Tuesday 17 February 2015

Your Broadband Internet Technically Isn't Broadband Anymore

Recently, the FCC (the Federal Communications Commission) has given a fresh definition of high-speed internet and there are chances are that your current connection is not according to the standards. The Federal Communications Commission was given the task of overseeing the regulations and rules, which govern the internet. They have now raised the standard for broadband to nearly 25 megabits per second from what it used to be at 4 Mbps. The upload speed has been increased from 1 Mbps to 3 Mbps.

What the report says? 

According to the reports, while dissenting Republican commissioners have blasted the new move stating it as over reaction, the other commissioners have voted 3 to 2 in support of the change. These changes came into limelight when FCC published their 2015 Broadband Progress Report. This progress report is used by Congress to assess the US broadband market.

The main meaning behind the new definition indicates that the millions of American customers who have subscribed for the internet services but receiving less than 25 Mbps will no longer be considered as "broadband" subscribers. The average speed of service that can be expected in America is around 10 Mbps. Going by the standards the agency identified that in the report it has been highlighted that the current broadband speed is never delivered at a timely manner.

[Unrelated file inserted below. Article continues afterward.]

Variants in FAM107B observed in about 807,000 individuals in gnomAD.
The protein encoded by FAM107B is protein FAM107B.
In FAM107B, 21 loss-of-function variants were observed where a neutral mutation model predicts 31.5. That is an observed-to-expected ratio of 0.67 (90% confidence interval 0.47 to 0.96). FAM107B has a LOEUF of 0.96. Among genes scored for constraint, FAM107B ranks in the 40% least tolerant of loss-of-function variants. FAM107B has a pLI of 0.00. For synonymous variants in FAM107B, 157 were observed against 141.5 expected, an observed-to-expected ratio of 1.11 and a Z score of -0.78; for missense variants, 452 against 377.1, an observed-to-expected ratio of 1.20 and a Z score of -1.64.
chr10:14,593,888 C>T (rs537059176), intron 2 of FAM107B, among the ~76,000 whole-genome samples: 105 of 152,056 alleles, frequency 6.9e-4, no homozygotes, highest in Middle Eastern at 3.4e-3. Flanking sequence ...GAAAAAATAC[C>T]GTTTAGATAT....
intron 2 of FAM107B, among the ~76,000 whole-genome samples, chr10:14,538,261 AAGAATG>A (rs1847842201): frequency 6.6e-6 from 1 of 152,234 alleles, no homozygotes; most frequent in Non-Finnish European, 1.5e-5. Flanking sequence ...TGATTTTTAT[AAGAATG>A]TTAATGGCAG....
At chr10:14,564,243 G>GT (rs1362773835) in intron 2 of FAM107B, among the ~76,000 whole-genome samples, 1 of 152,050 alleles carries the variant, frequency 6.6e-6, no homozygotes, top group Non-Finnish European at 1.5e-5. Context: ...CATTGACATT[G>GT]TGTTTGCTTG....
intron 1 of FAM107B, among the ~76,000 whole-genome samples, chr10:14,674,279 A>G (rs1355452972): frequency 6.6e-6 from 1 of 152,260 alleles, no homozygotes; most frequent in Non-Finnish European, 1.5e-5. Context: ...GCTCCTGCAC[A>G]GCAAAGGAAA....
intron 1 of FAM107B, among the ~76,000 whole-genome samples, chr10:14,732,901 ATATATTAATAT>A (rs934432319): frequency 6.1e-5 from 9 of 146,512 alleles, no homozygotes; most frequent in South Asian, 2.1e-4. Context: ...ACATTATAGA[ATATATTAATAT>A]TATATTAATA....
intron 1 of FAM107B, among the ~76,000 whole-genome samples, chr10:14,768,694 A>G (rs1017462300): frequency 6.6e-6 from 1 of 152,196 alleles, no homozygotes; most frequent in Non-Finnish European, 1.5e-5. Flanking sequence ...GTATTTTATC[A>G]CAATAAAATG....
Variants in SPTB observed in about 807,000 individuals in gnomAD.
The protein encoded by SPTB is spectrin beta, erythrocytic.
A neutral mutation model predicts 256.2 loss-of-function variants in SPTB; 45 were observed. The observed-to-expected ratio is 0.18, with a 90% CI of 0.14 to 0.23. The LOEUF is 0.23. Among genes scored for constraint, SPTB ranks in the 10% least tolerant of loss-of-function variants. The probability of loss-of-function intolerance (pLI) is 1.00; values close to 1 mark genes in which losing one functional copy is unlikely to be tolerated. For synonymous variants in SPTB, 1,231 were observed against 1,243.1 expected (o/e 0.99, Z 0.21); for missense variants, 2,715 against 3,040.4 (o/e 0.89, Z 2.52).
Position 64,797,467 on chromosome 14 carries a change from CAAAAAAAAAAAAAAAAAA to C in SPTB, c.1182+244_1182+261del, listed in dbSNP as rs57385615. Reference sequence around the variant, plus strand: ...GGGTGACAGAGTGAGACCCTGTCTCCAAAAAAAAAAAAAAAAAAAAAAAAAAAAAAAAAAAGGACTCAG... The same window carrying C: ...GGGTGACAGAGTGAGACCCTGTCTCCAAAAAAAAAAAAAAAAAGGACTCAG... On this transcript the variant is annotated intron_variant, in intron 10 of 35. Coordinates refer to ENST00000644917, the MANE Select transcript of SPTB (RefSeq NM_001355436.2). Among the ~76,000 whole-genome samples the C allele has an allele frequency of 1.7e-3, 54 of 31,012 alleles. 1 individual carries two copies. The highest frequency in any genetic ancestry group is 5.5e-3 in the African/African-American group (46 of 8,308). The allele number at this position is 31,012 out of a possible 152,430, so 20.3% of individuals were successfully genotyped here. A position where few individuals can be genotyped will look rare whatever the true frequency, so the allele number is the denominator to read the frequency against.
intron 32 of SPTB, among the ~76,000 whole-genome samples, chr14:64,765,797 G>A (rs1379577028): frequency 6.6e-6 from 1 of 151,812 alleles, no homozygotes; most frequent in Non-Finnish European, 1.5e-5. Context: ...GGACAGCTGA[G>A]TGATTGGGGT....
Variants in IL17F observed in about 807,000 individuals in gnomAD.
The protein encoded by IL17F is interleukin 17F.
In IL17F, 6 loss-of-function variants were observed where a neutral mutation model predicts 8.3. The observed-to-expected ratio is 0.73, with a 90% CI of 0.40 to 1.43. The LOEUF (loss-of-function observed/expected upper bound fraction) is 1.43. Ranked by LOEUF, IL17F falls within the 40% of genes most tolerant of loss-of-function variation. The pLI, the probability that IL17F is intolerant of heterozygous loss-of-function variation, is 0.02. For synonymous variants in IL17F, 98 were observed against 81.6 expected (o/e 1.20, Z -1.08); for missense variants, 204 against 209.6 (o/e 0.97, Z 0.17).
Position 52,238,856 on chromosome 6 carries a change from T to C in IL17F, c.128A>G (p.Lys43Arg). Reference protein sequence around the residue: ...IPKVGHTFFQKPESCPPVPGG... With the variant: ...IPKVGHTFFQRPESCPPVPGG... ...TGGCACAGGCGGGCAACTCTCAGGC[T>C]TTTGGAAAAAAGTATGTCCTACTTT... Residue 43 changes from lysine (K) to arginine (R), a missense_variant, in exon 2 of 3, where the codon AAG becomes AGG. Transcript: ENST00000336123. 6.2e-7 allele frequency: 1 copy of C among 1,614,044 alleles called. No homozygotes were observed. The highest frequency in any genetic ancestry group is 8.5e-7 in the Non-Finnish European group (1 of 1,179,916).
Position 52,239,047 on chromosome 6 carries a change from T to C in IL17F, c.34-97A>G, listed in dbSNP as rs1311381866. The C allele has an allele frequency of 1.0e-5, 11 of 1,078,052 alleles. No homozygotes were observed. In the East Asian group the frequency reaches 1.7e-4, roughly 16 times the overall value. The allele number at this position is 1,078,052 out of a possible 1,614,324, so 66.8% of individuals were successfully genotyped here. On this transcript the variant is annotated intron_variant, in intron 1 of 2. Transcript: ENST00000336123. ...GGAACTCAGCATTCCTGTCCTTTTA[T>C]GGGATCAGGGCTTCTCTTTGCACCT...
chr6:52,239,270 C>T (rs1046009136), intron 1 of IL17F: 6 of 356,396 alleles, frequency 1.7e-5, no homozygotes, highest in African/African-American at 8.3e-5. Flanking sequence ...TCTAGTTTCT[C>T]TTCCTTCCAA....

According to the agency’s report, 17 percent of the population or 55 million Americans have no access to the advanced broadband services. Most of the rural areas have no access to such high speeds. The report also indicated that nearly 53 percent of rural Americans lack broadband and do not have the download speeds of 25 Mbps.

A controversial decision: 

This decision has put Chairman Tom Wheeler, who is a Democrat, appointed by President Barack Obama, against Ajit Pai and Michael O'Rielly, the two Republicans on the commission, who were selected by the Republican-controlled Congress, into a very bad state. According to Wheeler, this change is an inspirational target in accordance with the marketing claims of broadband providers and increasing demands of the customers. According to the other counterparts, this move is completely over reaction and a broadband should be considered as what actually a consumer can buy.

Strong viewpoints: 

Consumers are happy with this decision. This decision was also applauded by the Communications Workers of America union. But on the other hand, the conservative groups derided this decision. According to FCC's Republican commissioners, the broadband vote looks to be a setup for the agency's for settling the Net neutrality fight with new regulations and also force the local municipalities to build new laws and their own Internet networks.

At the center of the et neutrality debate, there is an option for a new rule that will help in reclassifying the broadband under the Telecommunications Act as Title II service. The FCC is expected to allow two new rules that will supersede state laws in North Carolina and Tennessee, which actually forbids municipalities from constructing or expanding broadband networks.

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